As far as how often to inspect, and what to look for that's where this board and reading/learning before you delve in comes in handy. As a new beekeeper, having a basic understanding of responsibilities during different times of the year is so important. I wish I had worked with a knowledgeable beekeeper for a season before I got bees.
The thing to remember is the world won't stop turning no matter what happens to the bees. There are many things that a colony can recover from including sloppy beekeeping. There is too much to write about what one should look for at different times of the year, etc. But a few very important issues that should always be monitored are:
varroa mites, and general health of the colony, ie diseases, pests, and any of the complications they cause.
the health and strength of the queen. Is she laying, if not why?
honey stores. Do they have enough to make it through winter? If not, why and how can you get them there?
going into winter, especially in the North it's important to have good ventilation in the hive. Setting the colony in a sunny location, painting boxes a dark color or wrapping in tar paper doesn't hurt. And make sure your bees have an entrance/exit to get in and out of for cleansing flights. This may mean propping them up off the ground a couple of feet or in my case shoveling every time it snows!
Hope this helps.
Let's BEE friends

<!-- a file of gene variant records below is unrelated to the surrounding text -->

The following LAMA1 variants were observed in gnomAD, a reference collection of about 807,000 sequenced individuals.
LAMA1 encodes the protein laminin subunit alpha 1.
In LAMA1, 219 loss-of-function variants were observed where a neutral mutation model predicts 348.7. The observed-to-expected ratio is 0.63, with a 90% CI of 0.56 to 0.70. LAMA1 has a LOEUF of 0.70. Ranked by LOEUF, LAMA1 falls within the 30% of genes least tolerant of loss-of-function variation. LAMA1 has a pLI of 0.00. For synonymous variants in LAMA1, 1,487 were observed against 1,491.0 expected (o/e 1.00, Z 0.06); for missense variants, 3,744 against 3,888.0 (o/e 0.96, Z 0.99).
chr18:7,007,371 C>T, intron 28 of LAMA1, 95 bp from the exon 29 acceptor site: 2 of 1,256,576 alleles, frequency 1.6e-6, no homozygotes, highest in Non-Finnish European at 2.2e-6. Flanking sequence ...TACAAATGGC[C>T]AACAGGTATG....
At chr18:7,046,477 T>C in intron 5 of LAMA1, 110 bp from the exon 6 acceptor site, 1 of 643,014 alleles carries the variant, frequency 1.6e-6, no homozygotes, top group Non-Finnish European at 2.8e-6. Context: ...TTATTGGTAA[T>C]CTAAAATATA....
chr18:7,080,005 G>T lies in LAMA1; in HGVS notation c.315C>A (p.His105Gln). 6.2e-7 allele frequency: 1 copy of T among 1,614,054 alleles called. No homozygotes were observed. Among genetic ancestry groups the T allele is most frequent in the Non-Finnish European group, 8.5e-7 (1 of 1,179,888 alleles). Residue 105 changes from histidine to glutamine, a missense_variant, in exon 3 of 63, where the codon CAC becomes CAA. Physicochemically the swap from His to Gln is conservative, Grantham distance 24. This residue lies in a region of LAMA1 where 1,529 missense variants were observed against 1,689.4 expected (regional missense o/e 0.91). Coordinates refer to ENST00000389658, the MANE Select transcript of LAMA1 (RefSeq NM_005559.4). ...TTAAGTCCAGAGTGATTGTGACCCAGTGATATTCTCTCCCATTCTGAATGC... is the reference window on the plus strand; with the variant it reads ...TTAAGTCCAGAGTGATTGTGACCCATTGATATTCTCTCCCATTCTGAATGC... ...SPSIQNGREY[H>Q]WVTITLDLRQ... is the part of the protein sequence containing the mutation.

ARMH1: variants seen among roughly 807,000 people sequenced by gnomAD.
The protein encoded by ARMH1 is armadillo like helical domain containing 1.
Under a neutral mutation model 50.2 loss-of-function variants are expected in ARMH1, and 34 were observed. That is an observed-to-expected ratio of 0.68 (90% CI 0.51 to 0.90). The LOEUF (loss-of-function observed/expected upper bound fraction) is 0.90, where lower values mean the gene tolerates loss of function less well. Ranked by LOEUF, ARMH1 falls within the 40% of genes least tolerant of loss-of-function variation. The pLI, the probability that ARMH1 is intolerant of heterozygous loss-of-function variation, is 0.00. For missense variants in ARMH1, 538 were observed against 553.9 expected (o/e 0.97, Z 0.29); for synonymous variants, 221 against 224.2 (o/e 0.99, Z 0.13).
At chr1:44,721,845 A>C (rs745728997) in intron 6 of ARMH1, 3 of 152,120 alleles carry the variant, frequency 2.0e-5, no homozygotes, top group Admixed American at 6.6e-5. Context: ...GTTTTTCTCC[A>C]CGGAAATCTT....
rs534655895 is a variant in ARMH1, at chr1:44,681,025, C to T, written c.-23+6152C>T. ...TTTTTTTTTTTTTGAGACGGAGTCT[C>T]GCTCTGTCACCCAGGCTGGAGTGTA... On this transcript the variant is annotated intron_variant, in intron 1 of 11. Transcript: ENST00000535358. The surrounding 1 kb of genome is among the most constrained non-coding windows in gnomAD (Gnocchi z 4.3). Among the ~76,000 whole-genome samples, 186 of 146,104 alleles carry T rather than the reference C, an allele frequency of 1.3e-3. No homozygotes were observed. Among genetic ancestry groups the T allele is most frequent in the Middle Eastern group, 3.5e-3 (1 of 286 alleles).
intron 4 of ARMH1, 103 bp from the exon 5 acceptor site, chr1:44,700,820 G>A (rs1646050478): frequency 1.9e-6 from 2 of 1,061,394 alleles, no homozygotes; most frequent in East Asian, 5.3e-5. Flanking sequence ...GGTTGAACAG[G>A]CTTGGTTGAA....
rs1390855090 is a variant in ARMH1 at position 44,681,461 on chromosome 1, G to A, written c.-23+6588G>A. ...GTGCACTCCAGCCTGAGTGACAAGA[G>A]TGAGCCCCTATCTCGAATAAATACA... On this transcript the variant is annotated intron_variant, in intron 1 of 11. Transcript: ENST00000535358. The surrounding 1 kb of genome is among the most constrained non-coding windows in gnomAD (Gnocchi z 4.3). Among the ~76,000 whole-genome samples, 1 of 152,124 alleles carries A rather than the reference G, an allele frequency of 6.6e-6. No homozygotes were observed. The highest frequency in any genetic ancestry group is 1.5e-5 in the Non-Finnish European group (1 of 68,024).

Thank you for your imput. As a new beekeeper, I was going in much too infrequent....I did so hoping to stress them less. I had a BOOMING colony and every time I saw them with nothing to do, I'd check to see their progress and often would give them something more to do... i.e. adding honey soupers, ventillating more etc. They were busy drawing out comb, collecting nectar and pollen. Well all of a sudden it looked like my booming hive was a quarter of it's original size. On friday, after work (a 90 degree day) I went in to see what was going one.(had no choice, I needed to know and were they nasty!) I went through seven frames before I found a very small bit of larva. I was sure I rolled the queen! My mentor came over on Sunday....blessed blessed Mentors....to all you Master Beekeepers that have the time and patience to mentor people like me...THANK YOU..... Back to story, we saw more larva than two days before...so I've got someone laying and because of the pattern it looks like a queen, but is she a virgin? I'll find out next Saturday. Lesson learned: forget about not stressing the girls...GO IN OFTEN! I saw queen cells but I thought that was a natural pattern to excect when and if they decide to fly away! I kept giving them more room, and more things "to do"...I just guess it might be a little arrogant to think I can "control" their entire process.